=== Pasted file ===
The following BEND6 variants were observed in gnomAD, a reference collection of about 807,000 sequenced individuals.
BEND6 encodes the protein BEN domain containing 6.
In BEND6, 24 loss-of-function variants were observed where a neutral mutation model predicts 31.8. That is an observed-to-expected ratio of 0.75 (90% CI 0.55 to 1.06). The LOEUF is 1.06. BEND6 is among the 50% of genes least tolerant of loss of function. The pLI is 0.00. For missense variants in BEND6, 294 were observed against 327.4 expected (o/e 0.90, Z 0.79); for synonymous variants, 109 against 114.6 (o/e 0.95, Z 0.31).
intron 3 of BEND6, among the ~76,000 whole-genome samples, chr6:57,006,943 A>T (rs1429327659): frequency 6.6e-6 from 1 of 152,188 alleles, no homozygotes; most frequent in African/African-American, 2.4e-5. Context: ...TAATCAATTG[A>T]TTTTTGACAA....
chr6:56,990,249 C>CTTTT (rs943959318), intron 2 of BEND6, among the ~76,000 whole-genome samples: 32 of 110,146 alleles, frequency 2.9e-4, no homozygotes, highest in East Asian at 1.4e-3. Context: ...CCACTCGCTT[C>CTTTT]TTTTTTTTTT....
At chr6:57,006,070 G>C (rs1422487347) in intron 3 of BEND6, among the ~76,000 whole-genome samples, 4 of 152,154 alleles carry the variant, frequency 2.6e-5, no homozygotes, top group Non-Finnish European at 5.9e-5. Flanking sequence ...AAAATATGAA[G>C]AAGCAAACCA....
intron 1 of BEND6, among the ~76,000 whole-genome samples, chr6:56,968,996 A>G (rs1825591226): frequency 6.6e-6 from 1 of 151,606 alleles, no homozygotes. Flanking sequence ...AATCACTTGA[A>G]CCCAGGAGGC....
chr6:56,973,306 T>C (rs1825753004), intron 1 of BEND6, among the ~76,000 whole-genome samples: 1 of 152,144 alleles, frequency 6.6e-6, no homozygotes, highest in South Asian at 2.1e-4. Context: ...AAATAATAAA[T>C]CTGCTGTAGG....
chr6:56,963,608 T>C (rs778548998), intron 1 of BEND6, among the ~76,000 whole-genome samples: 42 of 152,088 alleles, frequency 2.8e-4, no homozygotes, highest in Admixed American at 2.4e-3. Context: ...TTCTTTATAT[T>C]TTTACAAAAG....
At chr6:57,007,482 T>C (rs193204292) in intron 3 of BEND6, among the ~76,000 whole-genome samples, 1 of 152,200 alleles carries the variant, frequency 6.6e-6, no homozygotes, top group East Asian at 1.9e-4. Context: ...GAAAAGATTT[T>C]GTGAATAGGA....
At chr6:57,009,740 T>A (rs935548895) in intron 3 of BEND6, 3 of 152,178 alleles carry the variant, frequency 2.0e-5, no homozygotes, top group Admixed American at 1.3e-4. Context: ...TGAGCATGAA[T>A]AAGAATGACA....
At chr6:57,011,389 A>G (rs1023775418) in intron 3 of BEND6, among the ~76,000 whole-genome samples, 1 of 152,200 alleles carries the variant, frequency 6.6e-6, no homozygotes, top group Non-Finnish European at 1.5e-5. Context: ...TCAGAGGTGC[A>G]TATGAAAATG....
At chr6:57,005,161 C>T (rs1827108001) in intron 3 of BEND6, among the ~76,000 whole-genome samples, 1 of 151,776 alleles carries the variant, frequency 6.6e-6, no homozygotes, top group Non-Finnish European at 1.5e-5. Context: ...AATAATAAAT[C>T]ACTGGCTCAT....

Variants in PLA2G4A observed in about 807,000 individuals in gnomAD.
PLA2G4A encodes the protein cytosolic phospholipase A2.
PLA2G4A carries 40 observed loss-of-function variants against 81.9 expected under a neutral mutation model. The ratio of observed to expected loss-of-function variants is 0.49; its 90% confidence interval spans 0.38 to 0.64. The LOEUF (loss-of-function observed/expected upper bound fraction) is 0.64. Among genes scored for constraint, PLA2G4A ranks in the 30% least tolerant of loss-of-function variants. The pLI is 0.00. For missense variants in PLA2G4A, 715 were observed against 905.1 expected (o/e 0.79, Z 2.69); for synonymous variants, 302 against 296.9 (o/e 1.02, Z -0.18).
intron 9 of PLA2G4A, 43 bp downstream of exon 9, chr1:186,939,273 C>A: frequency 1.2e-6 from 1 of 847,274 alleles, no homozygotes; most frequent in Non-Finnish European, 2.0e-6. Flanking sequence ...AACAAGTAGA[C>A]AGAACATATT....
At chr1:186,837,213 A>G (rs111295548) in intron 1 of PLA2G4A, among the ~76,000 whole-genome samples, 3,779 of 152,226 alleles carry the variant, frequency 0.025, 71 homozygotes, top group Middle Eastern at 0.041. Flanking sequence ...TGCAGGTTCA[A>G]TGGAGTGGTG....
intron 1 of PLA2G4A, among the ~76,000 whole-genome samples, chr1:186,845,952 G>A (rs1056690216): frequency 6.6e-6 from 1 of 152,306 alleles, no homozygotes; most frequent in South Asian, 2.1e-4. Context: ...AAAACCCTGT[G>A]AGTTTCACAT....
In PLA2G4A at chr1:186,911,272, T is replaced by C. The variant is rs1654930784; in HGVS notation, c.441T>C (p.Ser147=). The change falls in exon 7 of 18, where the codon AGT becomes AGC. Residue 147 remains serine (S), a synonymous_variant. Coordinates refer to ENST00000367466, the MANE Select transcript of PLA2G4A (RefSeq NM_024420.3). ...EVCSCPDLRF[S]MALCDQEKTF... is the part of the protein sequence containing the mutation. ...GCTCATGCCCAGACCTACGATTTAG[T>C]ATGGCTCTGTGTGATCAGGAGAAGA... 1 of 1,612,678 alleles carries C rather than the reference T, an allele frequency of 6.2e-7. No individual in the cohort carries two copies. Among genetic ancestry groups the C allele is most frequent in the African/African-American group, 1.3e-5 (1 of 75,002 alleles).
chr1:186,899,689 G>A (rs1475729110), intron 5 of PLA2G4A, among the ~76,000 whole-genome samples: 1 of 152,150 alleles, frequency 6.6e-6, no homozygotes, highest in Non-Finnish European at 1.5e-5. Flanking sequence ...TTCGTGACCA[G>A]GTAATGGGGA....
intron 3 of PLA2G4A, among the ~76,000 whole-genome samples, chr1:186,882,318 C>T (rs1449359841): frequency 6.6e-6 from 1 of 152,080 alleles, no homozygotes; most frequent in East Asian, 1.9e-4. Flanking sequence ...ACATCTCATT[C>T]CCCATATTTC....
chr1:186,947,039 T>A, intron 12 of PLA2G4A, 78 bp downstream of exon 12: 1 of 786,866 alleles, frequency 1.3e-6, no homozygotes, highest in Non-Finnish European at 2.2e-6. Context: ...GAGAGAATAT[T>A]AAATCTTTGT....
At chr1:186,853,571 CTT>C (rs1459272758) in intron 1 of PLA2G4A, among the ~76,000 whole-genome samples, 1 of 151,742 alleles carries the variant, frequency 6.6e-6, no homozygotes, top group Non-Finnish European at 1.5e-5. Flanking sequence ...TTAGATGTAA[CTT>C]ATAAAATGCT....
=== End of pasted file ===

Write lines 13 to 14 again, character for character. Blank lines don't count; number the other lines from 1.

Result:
At chr6:57,005,161 C>T (rs1827108001) in intron 3 of BEND6, among the ~76,000 whole-genome samples, 1 of 151,776 alleles carries the variant, frequency 6.6e-6, no homozygotes, top group Non-Finnish European at 1.5e-5. Context: ...AATAATAAAT[C>T]ACTGGCTCAT....

Variants in PLA2G4A observed in about 807,000 individuals in gnomAD.